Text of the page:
At the end of the period, the results were interesting.  Despite the fact that all subjects had a similar food, energy, fats, carbohydrate and protein intake, in both of the vinegar groups, subjects had reduced body weight, BMI, visceral fat area, and waist circumference, than in the placebo group, and serum triglyceride levels were also lower in the vinegar group. 

The researchers concluded that daily intake of  vinegar might help reduce obesity.  They state that their own previous research, as well as that by Yamashita et al, may indicate that the suppression of the body fat by vinegar is due to the inhibition of lipogenesis and possibly stimulation of fatty acid oxidation.

2. Apple cider vinegar as an appetite suppressant

Is there evidence that apple cider vinegar is an appetite suppressant?

  • Some have suggested that apple cider vinegar contains pectin, which could act as an appetite suppressant.  Pectin is a carbohydrate, and is said to help the stomach feel full, hence staving off hunger pangs. This is why it should be taken before meals.

  • In one trial in Sweden(3), 12 subjects were given a meal of bread.  Three levels of vinegar (18, 23 and 28 mmol acetic acid) were served with a portion of white wheat bread containing 50 g of available carbohydrates as breakfast in randomized order after an overnight fast.

    Bread served without vinegar was used as a reference meal. Blood samples were taken during 120 min for analysis of glucose and insulin, but also satiety (the feeling of being ‘full’) was measured with a subjective rating scale.

    Increasing levels of satiety were reported in direct correlation with the amount of vinegar consumed.  In other words, the more vinegar consumed, the greater the declared feeling of fullness.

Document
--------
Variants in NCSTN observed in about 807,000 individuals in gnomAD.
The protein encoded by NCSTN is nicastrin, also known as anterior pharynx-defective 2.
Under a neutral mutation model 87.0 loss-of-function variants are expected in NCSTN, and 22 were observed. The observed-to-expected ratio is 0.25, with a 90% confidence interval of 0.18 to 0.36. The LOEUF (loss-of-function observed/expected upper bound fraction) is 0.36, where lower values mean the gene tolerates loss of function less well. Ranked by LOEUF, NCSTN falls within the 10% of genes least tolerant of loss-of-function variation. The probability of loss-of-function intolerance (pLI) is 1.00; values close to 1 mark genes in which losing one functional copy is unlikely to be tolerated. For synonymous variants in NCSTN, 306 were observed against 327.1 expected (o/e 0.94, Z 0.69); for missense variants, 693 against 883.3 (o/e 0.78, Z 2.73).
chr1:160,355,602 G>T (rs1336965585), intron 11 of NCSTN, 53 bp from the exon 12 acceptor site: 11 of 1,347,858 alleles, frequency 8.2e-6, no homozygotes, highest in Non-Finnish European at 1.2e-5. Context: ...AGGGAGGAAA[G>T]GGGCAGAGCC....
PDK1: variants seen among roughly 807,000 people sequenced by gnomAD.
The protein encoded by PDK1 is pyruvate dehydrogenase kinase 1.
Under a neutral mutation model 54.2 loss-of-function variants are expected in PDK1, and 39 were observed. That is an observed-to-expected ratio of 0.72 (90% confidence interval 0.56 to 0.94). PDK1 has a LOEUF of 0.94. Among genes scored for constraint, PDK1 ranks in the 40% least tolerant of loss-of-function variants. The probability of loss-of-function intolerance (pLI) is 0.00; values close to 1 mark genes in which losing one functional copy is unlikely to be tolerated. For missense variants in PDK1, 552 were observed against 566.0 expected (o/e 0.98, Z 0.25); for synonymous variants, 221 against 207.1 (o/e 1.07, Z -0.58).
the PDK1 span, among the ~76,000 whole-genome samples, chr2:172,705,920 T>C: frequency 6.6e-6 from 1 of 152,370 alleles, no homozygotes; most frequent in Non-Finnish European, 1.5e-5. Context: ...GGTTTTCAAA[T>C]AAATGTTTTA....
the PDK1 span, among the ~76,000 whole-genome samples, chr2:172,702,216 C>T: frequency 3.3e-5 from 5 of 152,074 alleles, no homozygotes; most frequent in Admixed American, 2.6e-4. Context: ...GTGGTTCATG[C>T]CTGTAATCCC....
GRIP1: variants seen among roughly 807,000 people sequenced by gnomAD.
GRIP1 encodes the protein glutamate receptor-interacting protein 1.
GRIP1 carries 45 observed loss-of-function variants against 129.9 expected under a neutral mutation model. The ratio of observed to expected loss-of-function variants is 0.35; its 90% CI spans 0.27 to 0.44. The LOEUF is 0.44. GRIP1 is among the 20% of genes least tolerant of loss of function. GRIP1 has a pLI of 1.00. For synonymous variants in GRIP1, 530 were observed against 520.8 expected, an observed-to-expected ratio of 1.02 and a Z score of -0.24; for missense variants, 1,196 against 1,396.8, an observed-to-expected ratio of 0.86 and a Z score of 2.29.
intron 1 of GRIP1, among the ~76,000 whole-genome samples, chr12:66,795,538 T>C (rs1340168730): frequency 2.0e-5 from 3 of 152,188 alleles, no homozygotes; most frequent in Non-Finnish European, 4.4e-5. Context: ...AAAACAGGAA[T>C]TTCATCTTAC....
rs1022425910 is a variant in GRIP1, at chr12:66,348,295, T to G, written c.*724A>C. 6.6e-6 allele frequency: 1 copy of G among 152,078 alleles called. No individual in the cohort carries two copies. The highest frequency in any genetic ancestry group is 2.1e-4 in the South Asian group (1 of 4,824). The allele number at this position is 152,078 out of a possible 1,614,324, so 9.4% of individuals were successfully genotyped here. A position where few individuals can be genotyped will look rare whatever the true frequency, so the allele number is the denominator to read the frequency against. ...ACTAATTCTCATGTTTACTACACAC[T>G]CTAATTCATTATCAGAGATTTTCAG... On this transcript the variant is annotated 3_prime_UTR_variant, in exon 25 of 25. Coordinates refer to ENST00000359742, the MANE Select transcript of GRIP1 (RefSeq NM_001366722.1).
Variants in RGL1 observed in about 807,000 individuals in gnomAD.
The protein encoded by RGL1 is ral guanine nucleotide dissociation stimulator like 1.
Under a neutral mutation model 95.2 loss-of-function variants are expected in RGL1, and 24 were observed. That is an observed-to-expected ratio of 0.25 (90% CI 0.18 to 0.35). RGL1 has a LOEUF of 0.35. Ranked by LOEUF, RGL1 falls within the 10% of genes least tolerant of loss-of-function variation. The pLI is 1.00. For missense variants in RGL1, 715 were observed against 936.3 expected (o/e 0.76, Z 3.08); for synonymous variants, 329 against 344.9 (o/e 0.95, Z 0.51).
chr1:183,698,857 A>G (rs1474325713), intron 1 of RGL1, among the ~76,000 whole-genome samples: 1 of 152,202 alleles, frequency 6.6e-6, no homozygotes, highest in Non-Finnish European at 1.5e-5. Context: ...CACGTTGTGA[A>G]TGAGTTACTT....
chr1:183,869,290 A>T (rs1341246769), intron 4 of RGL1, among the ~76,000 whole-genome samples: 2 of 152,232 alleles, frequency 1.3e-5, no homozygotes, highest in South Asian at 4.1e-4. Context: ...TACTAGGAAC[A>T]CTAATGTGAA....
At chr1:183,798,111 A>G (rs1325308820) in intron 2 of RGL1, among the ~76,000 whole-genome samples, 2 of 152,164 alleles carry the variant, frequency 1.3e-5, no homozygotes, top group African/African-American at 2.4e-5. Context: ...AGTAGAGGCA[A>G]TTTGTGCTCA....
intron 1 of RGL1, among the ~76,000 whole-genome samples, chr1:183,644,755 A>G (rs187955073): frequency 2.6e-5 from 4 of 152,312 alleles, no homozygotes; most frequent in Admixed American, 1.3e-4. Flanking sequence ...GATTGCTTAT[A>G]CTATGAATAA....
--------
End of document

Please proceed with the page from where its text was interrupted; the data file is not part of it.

It should be noted, that this is a very small trial, and so whether or not the results are reliable is questionnable.  Further research with larger sample sizes and robust methodogy are needed.

    Then again, others have pointed to the taste: perhaps the taste in the mouth from the vinegar simply puts people off eating more than they other wise would?

 (Please see the references below)

Are There Other Benefits Of Apple Cider Vinegar?

Apple Cider Vinegar is thought to have a range of other benefits, it seems to have quite a following, with many recommendations!

A book is available which includes a range of recipes and claims.

If you find it difficult to take, you may be able to get the benefits of the apple cider vinegar and honey diet, without following the recipe.

The first thing you could do, is skip the honey (and the calories that go with it), and opt for an alternative format of the apple cider vinegar.  Instead of drinking it, you could experiment with capsules (below).

I have no idea whether they will work in the same way as the liquid, but the ratings seem good!


Whilst it is suggested that honey has some additional benefits for dieters, personally I do not think these are significant and remember, honey has a lot of calories – check out my pages Honey vs Sugar. Primarily, however, it seems that honey acts as a sweetener, to ensure the taking of the apple cider vinegar is more palatable.


(1) J Agric Food Chem. 2009 Jul 8;57(13):5982-6. doi: 10.1021/jf900470c.  Acetic acid upregulates the expression of genes for fatty acid oxidation enzymes in liver to suppress body fat accumulation. Kondo T, Kishi M, Fushimi T, Kaga T.

(2) Bioscience, Biotechnology and Biochemistry; 73(8), 1837-1843, 2009: Vinegar Intake Reduces Body Weight, Body Fat Mass, and Serum Triglyceride Levels in Obese Japanese Subjects; Kondo et al.

(3) Eur J Clin Nutr. 2005 Sep;59(9):983-8. Vinegar supplementation lowers glucose and insulin responses and increases satiety after a bread meal in healthy subjects. Ostman E1, Granfeldt Y, Persson L, Björck I.

So that's the Vinegar And Honey Diet!  To find out more about honey, take a look at one of the following pages:

Honey And Weight Loss
More information about the use of honey in weight loss. I hope this provides a balanced view.

Calories in Honey
A break down of the calorific content of honey.